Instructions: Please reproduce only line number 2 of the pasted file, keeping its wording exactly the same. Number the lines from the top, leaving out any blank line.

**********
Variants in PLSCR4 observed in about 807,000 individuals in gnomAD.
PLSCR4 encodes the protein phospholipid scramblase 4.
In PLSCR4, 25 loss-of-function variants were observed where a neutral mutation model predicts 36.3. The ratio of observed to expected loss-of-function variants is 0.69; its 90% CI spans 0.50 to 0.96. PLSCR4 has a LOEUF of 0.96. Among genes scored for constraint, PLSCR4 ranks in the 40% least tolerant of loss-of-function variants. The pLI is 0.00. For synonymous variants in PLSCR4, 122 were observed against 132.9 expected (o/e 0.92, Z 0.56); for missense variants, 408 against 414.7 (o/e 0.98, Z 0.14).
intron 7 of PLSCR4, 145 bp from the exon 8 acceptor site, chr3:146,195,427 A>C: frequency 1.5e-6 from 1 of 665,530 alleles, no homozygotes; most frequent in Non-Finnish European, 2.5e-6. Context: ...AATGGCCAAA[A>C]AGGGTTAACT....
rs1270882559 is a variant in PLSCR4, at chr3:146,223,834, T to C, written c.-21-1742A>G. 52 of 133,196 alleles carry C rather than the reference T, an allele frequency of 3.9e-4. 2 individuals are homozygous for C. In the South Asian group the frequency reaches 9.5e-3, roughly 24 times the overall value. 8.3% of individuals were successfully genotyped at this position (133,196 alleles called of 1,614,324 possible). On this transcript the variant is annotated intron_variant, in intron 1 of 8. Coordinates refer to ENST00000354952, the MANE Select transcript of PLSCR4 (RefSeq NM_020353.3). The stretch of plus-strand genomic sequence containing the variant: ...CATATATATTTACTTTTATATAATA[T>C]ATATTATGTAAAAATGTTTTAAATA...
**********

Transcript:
PLSCR4 encodes the protein phospholipid scramblase 4.